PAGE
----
Here Is Your 10-Point Cheatsheet On India's Deadliest Submarine INS Kalvari
INS Kalvari has been named after fierce deep sea predator Tiger Shark. This is a step forward for the Indian Navy for building a strong underwater fighting force. India has just about 15 submarines, a mix of Russian-origin Kilo class vessels and German HDW submarines. China has four times as many.
The indigenously-built attack submarine, delivered after a four-year delay, is the first of six French-made Scorpene submarines made as a part of Rs 236 billion project awarded to the government-run defence shipyard, Mazagon Dock Shipbuilders Ltd. and France's Naval Group, formerly known as DCNS group. The order, placed in 2005, had targeted to reach the first submarine to the Navy by 2013.
The first Kalvari, which was commissioned into the Indian Navy on December 8 1967, was decommissioned on May 31, 1996 after three decades of service. Remembering the first time Indian flag was hoisted on Kalvari in 1967, President Ramnath Kovind, tweeted, "It was on this day (December 8) in 1967 that the Naval Ensign and the National Flag were hoisted on the first Indian Naval Submarine, Kalvari." He mentioned, "In the past 50 years, 25 submarines have been in commission at various points," and also added that "2017 is being commemorated as the Golden Jubilee of the Indian Navy's Submarine Arm."
Earlier this month, Vice Admiral Girish Luthra, Flag Officer Commanding of the Western Naval Command, told reporters that Kalvari underwent around 120 days of extensive sea trials and tests for various equipment.
Six Scorpene-submarines are built by Mazagon Dock Limited in Mumbai as a part of Project-75 of the Indian Navy. The remaining five boats of the Project 75 would be delivered by the yard to the Navy by 2020.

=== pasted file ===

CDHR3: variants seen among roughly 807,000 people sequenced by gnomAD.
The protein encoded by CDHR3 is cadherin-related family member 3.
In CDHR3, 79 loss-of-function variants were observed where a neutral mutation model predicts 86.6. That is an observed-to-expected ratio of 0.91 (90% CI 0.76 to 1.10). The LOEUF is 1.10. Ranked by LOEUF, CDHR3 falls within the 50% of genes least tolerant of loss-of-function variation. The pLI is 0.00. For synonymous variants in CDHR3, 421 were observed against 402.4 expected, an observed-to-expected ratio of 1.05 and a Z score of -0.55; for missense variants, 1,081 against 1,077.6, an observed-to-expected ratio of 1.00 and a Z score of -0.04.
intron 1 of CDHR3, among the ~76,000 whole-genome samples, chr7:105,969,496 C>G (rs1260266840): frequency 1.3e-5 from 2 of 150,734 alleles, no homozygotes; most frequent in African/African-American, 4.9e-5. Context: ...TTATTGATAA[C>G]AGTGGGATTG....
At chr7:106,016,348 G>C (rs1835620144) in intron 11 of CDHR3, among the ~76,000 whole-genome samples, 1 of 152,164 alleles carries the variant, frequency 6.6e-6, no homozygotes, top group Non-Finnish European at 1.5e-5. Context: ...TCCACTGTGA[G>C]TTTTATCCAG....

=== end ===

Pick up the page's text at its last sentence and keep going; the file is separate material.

Kalvari went to the sea for the first time on May 1, 2016. The submarine was sailed out at about 10 am "under her own propulsion for the first sea trial, off the Mumbai coast and during the sortie," Indian Navy said in a statement.
Kalvari boasts of state-of-the-art features such as superior stealth and the ability to launch a crippling attack on the enemy using precision guided weapons. The attack can be launched with torpedoes, and as tube launched anti-ship missiles, while it is underwater or on surface. According to Indian Navy, Scorpene Submarine is designed to operate in all theatres including the Tropics.
Kalvari is also equipped with Weapons Launching Tubes (WLT), and it can carry weapons on board which can be easily reloaded at sea, through special handling and loading equipment.
This year, on March 2, Indian Navy successfully conducted the maiden firing of an Anti-Ship missile from the first of the indigenously built Kalvari class submarines, during a test firing in the Arabian Sea. The missile successfully hit a surface target at extended ranges during the trial firing. This missile launch was considered significant for enhancing the Indian Navy's sub-surface warfare capability.
All six Kalvari class submarines will be equipped with this anti-ship missile, which has a proven record in combat and will provide the submarines the ability to neutralise surface threats at extended ranges.